I'd go with the Highlander. I frankly think the Pathfinder is overpriced.
Hello Warren and Lou Ann--my venerable 1986 Saab 900 hatchback squats and I wonder if replacing the rear springs ($400) would improve winter traction. At rest, there's an inch or more clearance in the front wheel wells than in the rear. I believe this is from a history of hauling heavy things, plus rear springs get tired---it is not because I keep extra weight in the back (I don't). If your experts think that new springs and an even keel front-to-back would significantly improve traction on snow and ice, I would spend the $400. If it wouldn't really change it, I won't. Spokane gets 2' of snow in the average winter so I always run four good snow tires, but I'd like better traction. The car is front wheel drive. I'd appreciate your theories or better yet, opinions from an automotive engineer! Thank you very much. Chris DeForest in Spokane WA
1986? wow! You're going to need to take it to a mechanic. I didn't know you could haul anything in a 1986 Saab 900 so you need to make sure you haven't done any damage. If that's the only issue you have with the car you are doing well.
Hi Warren and Lou Ann. I'm taking my seven year-old son to the auto show this weekend. Other than drooling over cars that I want, any entertaining bits I should be sure to catch with the kid? Thanks.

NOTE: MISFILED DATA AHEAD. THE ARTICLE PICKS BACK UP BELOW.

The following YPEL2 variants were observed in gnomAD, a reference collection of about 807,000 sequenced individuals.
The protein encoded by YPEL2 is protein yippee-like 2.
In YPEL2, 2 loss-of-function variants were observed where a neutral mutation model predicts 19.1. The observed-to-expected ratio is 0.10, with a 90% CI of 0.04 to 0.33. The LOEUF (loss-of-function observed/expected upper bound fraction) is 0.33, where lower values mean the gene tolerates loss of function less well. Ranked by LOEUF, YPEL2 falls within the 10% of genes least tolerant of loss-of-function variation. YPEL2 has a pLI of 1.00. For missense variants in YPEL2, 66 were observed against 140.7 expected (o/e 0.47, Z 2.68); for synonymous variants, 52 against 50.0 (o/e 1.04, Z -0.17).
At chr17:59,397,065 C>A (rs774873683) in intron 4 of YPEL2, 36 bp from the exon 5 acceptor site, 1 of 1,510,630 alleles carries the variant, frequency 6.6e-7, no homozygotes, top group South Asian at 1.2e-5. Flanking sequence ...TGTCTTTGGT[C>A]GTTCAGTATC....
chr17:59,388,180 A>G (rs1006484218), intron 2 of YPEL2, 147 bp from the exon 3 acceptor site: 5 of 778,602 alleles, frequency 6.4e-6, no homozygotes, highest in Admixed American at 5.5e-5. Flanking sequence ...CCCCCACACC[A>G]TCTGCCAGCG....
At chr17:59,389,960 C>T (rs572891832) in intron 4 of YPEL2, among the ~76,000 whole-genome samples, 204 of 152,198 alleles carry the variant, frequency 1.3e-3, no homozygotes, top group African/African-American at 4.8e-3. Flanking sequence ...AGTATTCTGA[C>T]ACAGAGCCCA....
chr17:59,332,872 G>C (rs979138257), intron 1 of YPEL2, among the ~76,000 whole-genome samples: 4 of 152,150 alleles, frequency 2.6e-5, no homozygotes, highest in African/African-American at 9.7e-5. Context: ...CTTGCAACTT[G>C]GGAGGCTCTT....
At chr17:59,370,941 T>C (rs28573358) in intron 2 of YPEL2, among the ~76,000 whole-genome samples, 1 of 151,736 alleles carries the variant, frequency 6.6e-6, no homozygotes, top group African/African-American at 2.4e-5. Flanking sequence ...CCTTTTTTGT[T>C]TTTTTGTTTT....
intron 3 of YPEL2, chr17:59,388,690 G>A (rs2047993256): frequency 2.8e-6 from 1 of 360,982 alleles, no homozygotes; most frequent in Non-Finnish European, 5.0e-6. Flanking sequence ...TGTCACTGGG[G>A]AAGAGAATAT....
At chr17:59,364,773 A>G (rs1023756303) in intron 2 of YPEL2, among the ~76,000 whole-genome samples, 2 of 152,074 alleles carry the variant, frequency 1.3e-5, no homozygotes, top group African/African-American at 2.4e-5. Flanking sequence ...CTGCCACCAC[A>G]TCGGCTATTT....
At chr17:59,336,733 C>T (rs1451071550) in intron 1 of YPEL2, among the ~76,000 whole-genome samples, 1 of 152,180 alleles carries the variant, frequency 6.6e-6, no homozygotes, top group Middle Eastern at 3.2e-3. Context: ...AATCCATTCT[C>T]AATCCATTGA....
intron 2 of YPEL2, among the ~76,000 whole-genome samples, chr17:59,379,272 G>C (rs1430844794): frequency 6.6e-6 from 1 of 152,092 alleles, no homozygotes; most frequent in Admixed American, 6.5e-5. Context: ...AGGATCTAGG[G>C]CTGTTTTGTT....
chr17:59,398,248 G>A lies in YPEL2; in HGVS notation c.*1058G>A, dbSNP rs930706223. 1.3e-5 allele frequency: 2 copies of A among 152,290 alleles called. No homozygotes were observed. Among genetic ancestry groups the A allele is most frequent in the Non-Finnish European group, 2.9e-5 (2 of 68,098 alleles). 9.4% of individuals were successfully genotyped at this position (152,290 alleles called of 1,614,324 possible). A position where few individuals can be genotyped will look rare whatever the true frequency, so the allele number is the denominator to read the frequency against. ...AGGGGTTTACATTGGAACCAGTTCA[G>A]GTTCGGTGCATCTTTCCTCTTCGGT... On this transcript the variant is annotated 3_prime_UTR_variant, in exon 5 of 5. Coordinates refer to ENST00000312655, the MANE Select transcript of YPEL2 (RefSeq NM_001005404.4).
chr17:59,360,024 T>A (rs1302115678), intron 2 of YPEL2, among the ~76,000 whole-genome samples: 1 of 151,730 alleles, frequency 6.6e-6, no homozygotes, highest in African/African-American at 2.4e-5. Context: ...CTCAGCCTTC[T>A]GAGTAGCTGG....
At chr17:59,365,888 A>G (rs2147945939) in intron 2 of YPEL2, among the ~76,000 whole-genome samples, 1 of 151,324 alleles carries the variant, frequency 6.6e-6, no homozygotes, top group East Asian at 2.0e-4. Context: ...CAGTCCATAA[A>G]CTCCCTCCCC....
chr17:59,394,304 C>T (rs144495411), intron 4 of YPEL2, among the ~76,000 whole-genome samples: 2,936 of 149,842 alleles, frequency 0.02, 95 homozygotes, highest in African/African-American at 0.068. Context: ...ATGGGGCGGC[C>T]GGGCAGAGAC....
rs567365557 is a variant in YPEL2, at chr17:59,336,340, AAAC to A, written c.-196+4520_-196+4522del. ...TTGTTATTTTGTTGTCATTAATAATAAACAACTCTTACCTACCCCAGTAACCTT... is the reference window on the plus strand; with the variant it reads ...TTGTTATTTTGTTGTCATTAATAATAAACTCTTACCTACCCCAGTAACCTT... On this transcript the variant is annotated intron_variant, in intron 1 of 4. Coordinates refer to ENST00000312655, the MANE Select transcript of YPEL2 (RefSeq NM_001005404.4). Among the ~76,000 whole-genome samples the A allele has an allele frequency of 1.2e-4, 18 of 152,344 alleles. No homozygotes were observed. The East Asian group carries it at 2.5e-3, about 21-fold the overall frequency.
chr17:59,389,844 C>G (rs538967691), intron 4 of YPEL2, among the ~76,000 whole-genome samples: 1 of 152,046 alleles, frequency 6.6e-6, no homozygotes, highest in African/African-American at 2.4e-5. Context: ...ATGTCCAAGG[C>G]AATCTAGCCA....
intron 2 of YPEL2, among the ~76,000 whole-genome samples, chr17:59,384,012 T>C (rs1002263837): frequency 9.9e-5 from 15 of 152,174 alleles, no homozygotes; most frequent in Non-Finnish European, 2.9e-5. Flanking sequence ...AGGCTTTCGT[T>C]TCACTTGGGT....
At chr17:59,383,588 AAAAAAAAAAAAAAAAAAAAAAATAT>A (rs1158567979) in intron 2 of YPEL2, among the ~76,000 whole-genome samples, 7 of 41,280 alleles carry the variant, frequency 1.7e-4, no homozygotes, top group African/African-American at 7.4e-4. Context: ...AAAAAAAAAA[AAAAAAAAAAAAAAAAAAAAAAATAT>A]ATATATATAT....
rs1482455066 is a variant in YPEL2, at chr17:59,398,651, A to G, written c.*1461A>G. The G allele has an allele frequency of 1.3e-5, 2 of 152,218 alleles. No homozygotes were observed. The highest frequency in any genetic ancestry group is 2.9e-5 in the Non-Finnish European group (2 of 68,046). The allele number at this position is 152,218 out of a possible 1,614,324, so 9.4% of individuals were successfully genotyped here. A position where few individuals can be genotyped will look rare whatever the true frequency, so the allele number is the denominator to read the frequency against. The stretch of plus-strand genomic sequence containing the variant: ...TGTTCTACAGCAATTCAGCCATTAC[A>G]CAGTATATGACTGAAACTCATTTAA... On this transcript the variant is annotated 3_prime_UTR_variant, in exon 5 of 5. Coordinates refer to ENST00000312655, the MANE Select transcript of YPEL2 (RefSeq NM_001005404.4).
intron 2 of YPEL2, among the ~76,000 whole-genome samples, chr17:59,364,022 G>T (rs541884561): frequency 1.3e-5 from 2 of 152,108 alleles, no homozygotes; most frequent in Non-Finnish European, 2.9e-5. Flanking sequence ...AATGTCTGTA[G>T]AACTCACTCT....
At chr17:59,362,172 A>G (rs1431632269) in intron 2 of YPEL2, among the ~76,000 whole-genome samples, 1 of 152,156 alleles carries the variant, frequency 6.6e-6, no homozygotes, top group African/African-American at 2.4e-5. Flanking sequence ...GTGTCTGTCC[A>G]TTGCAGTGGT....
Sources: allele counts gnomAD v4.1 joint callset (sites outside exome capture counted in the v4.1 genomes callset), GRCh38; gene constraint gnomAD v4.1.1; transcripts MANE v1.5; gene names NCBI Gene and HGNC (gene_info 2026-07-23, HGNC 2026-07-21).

There will be celebrities aplenty, including Pierre Garcon of the Washington Redskins. And the show people almost always have things to keep the children happy.
I have never seen a major pileup. I have driven in snow and rain but have never seen conditions deteriorate so quickly that dozens of people are suddenly left without control of their car or truck. I must think that they missed the warning signs and continued to drive faster than conditions would suggest. I would think that modern cars have sensors that could detect conditions where the traction control fails and the wheels are on ice. It shouldn't be hard to come up with an early warning alert to have drivers stop or at least slow down.
If you have distronic or advanced cruise control it will do that. The problem is people don't like using it because it keeps you a certain distance away from the car in front of you and they say other cars will jump in front of you.
Technology is only good if you use it.